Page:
Il Primo Ministro greco Lucas Papademos riceve l'approvazione del governo su tagli al bilancio che corrispondono al 7% del Pil nei prossimi tre anni e su una ristrutturazione finalizzata a ridurre di €100 mld gli oltre €200 mld di debito detenuto dai creditori privati, atteso il voto del parlamento • Standard & Poor's declassa il merito creditizio di 34 banche italiane tra cui UniCredit a BBB+ da A, Intesa Sanpaolo a BBB+ da A e Banca Monte dei Paschi di Siena a BBB da BBB+, S&P anticipa "una redditività decisamente debole per le banche italiane nei prossimi anni" • La produzione industriale italiana aumenta a dicembre +1,4% da novembre +0,3%, oltre le stime degli economisti +0,5%, anche se i dati del quarto trimestre -2,1% suggeriscono che la terza economia della zona euro è entrata nella seconda recessione dal 2009 • I Btp decennali salgono per la quinta settimana consecutiva, il periodo di recupero più lungo in oltre cinque anni, la prossima settimana il Tesoro vende €4 mld di buoni al 6% con scadenza 2014 • L'euro cala dal massimo di due mesi contro il dollaro, il mercato azionario europeo cala dal massimo di sei settimane e l'azionario Usa registra la prima settimana di perdite del 2012 dopo che i ministri delle finanze europee non hanno concesso il pacchetto di aiuto necessario a prevenire il collasso economico della Grecia

venerdì 28 settembre 2012

Market Comment - September 28

(Marco Bonelli) In context of Spain's 2013 austerity budget, a derivative of Albert Einstein's famous definition of insanity could be (from a market point of view): Believing in a positive outcome over and over again, although the same plan and procedure already produced negative results multiple times!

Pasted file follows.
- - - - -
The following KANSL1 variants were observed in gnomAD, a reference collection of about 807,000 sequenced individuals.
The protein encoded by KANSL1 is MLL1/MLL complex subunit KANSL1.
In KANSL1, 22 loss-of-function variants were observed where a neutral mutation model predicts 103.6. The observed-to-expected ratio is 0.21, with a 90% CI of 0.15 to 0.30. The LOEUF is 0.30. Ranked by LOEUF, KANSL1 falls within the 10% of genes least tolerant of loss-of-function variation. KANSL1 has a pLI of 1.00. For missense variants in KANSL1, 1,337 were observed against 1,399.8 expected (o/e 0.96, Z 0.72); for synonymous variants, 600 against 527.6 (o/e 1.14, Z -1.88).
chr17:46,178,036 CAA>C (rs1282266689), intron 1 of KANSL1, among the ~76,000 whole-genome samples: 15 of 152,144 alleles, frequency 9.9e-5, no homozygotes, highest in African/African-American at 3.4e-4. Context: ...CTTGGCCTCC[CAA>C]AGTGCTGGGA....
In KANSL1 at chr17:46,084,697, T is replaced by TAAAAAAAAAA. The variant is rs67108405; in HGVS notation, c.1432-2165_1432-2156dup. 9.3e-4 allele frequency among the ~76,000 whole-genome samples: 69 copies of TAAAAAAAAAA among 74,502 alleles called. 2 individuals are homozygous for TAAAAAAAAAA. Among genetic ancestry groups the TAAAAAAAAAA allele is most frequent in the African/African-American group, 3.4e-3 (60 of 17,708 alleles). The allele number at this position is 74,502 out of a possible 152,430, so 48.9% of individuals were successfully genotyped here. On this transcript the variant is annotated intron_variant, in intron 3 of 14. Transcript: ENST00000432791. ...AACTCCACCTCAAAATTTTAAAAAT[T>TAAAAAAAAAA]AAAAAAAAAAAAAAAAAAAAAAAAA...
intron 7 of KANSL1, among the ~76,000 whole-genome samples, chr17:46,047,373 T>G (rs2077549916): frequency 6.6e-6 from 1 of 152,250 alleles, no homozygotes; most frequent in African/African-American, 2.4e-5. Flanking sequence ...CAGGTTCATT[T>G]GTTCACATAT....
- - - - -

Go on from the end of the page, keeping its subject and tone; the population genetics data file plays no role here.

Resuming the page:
It is nothing new that politicians are a class of their own (in a negative way) but it's almost unbelievable that the austerity plan the Spanish government presented yesterday gets taken seriously and cheered as "major step" and " concrete, ambitious and well-focused measures" that go "beyond EU recommendations". ...budget is based on unchanged economic forecasts (GDP expected to be down 0.5%, equal to this year).../...2013 tax revenues will exceed 2012 revenues.../...Spain plans 43 laws to bolster economy.../...Spain to tap pension reserve fund for Euro 3Bln for liabilities...and as the deputy prime ministers phrased it, "the budget is designed to end the crisis". Basic macro-economic knowledge is enough to figure out that this budget won't work and will need to get adjusted multiple times and if there is any doubt how the implementation of an austerity plan, designed on the drawing boards of politicians who desperately fight to stay in power, looks like, just take a look at Greece! As an add-on to the farce, the "stress test" results that just got presented show that quite a few Spanish banks are healthy and that the capital shortfall is a moderate Euro 59.3Bln.